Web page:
Thursday, January 21, 2010


In my last entry, I talked about a book called Drive that's all about motivation. One of the interesting concepts in the book is "flow," when a person is focused, undistracted, performing a task, and enjoying it. The book encourages people to find what maximizes their individual flow. So, here's some musings on it for me.

Times when I'm feeling good flow
-Reading, watching presentations-taking in and processing information when the information is relevant, and presented in bite-sized chunks
-Writing - outlining, filling in details, using it to organize my thoughts
-Discussing ideas and arguing it out in a safe, friendly forum
-Brainstorming ideas
-Searching for information on a well-defined, topic for a relevant purpose
-Designing a project, experiment, apparatus
-Performing a short set of routine tasks with a clear benefit/purpose
e.g. the 2-3 hour protocol for preparing my experimental samples
-Troubleshooting, problem-solving with purpose, freedom, for a limited time, and with good feedback on what is or isn't working
-Developing protocols - with purpose, for credit (even if it's exchanged credit with a labmate)
-Teaching - teaching someone interested and invested who does their part
-Taking data - when the data rolling in is interpretable
-Analyzing data - cranking out statistically relevant qualitative or quantitative conclusions
-Interpreting data - drawing conclusions from the data and analysis and incorporating the literature
-Running, walking, hiking, physical activity, especially outdoors
-Performing any task with a clear and definite purpose that allows me to use my mind, body, and talents to perform and complete said task, but without an unreasonable number of barriers

Flow killers
-Reading, watching presentations, when the information is irrelevant, overwhelmingly new, or overwhelmingly difficult to understand and evaluate
-Writing - when I lose sight of the goal
-Feeling ill, hungry, in pain, very tired
-Discussing anything in an aggressive, judging, antagonistic forum
-Brainstorming ideas and being quickly judged on them
-Searching for information on an ill-defined topic for a purpose not relevant to my own goals, for which I will receive no credit
-Searching for information and finding nothing or too much
-Searching for information and running into roadblocks like inaccessible journals or books, or possibly semi-relevant information that requires going to the library to access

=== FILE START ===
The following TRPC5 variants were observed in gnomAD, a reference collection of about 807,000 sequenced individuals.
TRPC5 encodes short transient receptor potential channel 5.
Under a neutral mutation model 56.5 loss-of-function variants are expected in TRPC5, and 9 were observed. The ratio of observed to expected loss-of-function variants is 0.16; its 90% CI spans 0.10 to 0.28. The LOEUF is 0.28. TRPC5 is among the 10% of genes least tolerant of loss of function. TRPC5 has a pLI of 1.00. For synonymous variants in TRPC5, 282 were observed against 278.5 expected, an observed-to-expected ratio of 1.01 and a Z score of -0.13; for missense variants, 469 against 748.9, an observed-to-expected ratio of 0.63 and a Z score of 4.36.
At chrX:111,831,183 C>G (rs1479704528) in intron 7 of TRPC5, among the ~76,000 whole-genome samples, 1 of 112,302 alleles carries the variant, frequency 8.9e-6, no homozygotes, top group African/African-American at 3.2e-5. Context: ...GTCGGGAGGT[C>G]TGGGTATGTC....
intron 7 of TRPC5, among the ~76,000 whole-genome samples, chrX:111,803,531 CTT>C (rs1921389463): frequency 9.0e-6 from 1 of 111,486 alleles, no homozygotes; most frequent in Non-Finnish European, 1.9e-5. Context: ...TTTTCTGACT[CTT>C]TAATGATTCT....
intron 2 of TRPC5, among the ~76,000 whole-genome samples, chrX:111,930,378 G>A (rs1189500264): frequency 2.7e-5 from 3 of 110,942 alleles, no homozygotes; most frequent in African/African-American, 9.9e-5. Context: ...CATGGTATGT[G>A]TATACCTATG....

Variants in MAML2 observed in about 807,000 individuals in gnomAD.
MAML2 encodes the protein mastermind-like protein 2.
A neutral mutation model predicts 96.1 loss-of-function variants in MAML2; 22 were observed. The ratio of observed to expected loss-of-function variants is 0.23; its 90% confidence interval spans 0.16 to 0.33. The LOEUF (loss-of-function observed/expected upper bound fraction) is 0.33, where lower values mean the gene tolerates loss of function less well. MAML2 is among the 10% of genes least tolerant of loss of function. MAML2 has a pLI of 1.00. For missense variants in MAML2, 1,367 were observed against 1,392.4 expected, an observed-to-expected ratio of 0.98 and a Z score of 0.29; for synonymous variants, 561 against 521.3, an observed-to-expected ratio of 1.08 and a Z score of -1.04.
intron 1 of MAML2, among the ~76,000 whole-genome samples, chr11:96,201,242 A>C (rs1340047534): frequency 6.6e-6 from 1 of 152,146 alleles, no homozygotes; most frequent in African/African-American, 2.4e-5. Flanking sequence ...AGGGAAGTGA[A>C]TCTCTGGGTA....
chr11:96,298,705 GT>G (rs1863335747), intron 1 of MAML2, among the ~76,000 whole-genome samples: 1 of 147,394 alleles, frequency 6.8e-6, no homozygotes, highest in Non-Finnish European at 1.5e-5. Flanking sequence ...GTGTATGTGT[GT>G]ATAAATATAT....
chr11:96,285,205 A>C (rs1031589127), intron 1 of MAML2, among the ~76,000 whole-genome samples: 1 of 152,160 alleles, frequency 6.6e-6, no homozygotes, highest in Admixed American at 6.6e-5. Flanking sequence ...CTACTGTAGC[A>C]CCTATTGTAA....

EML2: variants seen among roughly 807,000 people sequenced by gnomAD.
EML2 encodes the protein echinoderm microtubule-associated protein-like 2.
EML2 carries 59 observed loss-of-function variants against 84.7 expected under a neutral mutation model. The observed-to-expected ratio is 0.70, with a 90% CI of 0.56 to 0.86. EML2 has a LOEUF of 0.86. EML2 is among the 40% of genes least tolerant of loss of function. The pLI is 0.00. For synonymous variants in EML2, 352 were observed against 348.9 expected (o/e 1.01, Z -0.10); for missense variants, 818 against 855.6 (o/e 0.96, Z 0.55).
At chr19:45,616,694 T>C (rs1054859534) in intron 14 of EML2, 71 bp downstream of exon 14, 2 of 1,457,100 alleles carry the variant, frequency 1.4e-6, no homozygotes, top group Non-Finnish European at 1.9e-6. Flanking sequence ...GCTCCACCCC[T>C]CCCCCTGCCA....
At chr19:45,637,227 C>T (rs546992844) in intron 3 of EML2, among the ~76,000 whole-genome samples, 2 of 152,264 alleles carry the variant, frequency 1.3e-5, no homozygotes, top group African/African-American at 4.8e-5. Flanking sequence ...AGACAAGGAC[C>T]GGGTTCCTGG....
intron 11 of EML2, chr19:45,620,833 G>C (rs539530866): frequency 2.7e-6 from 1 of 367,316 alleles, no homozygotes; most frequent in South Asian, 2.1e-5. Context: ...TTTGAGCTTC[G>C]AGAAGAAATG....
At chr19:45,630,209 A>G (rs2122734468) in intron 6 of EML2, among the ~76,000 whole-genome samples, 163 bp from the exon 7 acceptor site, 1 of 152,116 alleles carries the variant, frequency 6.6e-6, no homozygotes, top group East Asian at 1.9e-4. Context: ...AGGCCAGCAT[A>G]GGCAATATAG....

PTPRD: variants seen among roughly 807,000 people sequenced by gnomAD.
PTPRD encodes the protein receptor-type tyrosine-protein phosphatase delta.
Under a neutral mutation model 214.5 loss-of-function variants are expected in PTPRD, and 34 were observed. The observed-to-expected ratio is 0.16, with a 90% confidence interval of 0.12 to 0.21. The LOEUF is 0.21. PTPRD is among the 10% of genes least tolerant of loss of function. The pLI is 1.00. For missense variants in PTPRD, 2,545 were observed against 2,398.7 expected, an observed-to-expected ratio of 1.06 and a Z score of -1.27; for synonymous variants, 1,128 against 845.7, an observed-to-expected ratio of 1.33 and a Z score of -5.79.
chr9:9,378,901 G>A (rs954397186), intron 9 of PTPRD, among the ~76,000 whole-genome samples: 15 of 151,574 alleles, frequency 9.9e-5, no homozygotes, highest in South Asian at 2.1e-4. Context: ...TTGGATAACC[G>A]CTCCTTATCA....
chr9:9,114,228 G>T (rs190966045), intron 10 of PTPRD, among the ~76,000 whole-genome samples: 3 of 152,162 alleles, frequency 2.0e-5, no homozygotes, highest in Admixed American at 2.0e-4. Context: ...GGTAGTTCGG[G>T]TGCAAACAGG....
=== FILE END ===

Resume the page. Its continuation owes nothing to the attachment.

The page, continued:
-Designing a project, experiment, apparatus knowing that it's unlikely that I will be allowed to follow through and will therefore receive no credit for it, or designing it even though I think it's unlikely to work or yield publishable results but have been forced to design it by someone else
-Performing a long set of highly repetitive, tedious tasks, especially without a clear benefit
e.g. preparing samples for someone else who won't give me any credit
-Troubleshooting, problem-solving with no purpose, or under strict instruction, or for a long, long time when it's only a small, tiny part of the bigger purpose and/or with poor feedback on what is or isn't working
-Developing protocols - without purpose, or without credit, without well-defined goals, without good measures of what works or doesn't, involving long, repetitive processes with no idea what works or not and with little chance that a full day of work will yield interpretable results
-Teaching someone who doesn't care, pay attention, or do their part (e.g. repeatedly asks about stuff you already told them or that they should know how to look up)
-Taking data - when data is uninterpretable
-Analyzing data - if it's too repetitive, if it begins to seem unlikely that results will be uninterpretable in a qualitative or quantitative, statistically relevant sense
-Interpreting data - when I'm afraid it says nothing interesting to anyone or that ties into the literature
-Performing any task with an unclear purpose, or that is such a tiny part of a goal that it's not clear that a better/easier/faster way of meeting that goal may exist
-Encountering many time and energy consuming obstacles such that it begins to look like time and energy would be better spent pursuing a different, more accessible goal
-Performing tasks that would be somewhat helpful, but the tradeoff of effort to help fullness starts to look unbalanced
-Trying to complete projects that would be easy if supported by others but that become hard without that support
-Trying to complete an unsupported project and reaching the point where support is needed but being afraid to ask for it because the non-supporter is not supportive and is scary
-Feeling like any goal is hopeless

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